Mid-Term Election Day Approaches

Alexandra Hoethke, Editor and Journalist

As election day approaches, the controversy between Republicans and Democrats is vividly inducing controversial reactions among Americans. Subsequent to the recent confirmation of the Associate Justice of the Supreme Court of the United States, Brett Kavanaugh, women, men, children, and sexual abuse survivors, have united with one another to advocate and validate their beliefs and truths. Abortion, gun laws, health care, and many more vital matters are in the hands of the representatives in the Senate. To ensure basic rights, Democrats are persistently fighting to attain more seats in the House. Now more than ever, people are demanding a system that shows we have checks and balances, which is what our Constitution was originated on. Many people feel the United States no longer supports or focuses on the importance of checks and balances. As a result, people are coming forward to vote.

The controversy among the citizens of America has always been conspicuous. However, if you compare how the controversy was approached in the 1800s-1900s, to how the controversy is approached in the present day, one can visibly observe how the handling of matters in the US has deteriorated to a standard that is of high concern. In today’s society, the outcome of serious matters seems to be judged by one’s status of who they are and what party they belong to. Public insults from our elected representatives have become acceptable and even justified in society.

Hillary Clinton spoke with CNN’s Christian Amanpour, about her views on the importance of the upcoming midterm election.  Hillary Clinton discussed how she views President Trump’s actions towards women as discriminatory and demeaning. Although there is controversy within voter’s preference of who should obtain a seat in the Senate, Hillary said, “That’s why I believe if we are fortunate enough to win back the House and/or the Senate, that’s when  civility can start again.”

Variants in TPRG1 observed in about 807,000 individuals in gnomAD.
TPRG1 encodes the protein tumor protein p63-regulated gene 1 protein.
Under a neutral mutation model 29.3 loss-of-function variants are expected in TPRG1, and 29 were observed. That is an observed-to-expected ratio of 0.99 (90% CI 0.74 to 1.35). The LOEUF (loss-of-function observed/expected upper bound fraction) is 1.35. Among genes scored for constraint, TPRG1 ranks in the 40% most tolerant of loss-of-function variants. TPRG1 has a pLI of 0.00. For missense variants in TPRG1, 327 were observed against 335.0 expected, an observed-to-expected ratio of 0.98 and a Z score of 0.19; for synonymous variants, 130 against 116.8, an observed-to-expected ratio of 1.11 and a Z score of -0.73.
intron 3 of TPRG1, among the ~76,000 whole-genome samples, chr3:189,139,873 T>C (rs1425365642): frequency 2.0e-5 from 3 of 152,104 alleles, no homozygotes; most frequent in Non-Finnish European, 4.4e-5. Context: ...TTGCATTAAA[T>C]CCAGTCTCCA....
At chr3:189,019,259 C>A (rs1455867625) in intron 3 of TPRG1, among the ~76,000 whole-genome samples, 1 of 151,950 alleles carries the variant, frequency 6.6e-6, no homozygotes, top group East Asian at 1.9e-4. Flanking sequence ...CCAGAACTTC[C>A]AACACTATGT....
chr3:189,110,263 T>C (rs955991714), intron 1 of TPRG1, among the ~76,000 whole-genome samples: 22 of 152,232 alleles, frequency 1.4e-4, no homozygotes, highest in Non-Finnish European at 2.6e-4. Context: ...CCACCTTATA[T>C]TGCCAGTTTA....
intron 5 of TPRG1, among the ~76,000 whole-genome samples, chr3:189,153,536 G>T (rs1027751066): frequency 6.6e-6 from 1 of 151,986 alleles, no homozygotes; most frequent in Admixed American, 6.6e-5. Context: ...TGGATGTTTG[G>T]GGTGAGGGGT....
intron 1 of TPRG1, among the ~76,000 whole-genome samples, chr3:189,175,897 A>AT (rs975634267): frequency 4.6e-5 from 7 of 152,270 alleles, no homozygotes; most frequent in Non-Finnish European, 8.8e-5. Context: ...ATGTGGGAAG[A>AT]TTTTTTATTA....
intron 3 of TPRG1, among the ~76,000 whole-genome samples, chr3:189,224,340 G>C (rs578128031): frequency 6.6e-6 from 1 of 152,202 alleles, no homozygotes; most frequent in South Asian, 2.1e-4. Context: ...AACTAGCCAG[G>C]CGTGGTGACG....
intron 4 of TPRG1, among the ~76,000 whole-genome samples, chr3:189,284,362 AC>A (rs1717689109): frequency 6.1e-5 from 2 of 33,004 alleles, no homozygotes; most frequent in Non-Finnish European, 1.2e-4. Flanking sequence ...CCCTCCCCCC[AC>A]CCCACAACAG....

As with everything in life, can this controversy over personal political preference ever become obsolete, or will we continue to be farther divided? In today’s world, specifically in the United States, the possibility of controversy over political power becoming obsolete is very impractical. Can we judge the issues that confront us with common sense, morals, and values, rather than judge based on what the majority of our political party determines?

Democrats are persistently fighting to regain their role in the Senate, especially after their recent defeat in their attempt to bar Justice, Brett Kavanaugh’s, confirmation to the Supreme Court. Democrats are aligning themselves to be viewed as a political party who supports basic rights. They are doing so by obtaining the role of the guardian of the Affordable Care Act and supporting/fighting for Americans with previous and present medical issues. Democrats are advising voters to stand alongside them and support their beliefs because they view the Republican Party as a threat towards their basic beliefs.

In response to these allegations against the Republican Party, Republicans are voicing to the public that Democrats are extremists and are fabricating stories.

Currently, polls are being conducted on a daily basis to obtain an estimation of the outcome of the upcoming election.

According to the Pew Research Center, 60% of voters will cast their votes on an individual based on whether they support or resist President Trump.

Subsequent to Kavanaugh’s confirmation into the Supreme Court, the number of women and men who plan to vote for  Democrat representatives has risen. According to a poll conducted by CNN this Tuesday, Democrats are in the lead with a 21-point lead over Republicans. Approximately 54% of likely voters are in support of the Democratic Party’s candidate. Of that 54%, 45% are men, and 63% are women.

Approximately 41% of voters will support the Republican Party’s candidate. Within that 41%, 50% are men, and 33% are women.

The midterm election will conclude November 6, 2018. The outcome of the election will determine who controls the Senate and Congress.  Thus, voters are persistently working hard and voicing their opinions,  hoping their issues will be expressed and handled by their preferred political party.






Works Cited:


“Amanpour speaks with Hillary Clinton in Oxford.” CNN, 9 Oct. 2018,



Sullivan, Sean and Wagner, John. “Midterm fear factor: Republicans, Democrats stroke anxiety over health care, rule of law.” The Washington Post, 10 Oct 2018.



“2018 Midterm Voters: Issues and Political Values.” Pew Research Center, 4 Oct 2018.

2018 Midterm Voters: Issues and Political Values



Sparks, Grace. “CNN poll: Democrats are fired up and maintain a strong 2018 lead.” CNN, 11 Oct. 2018,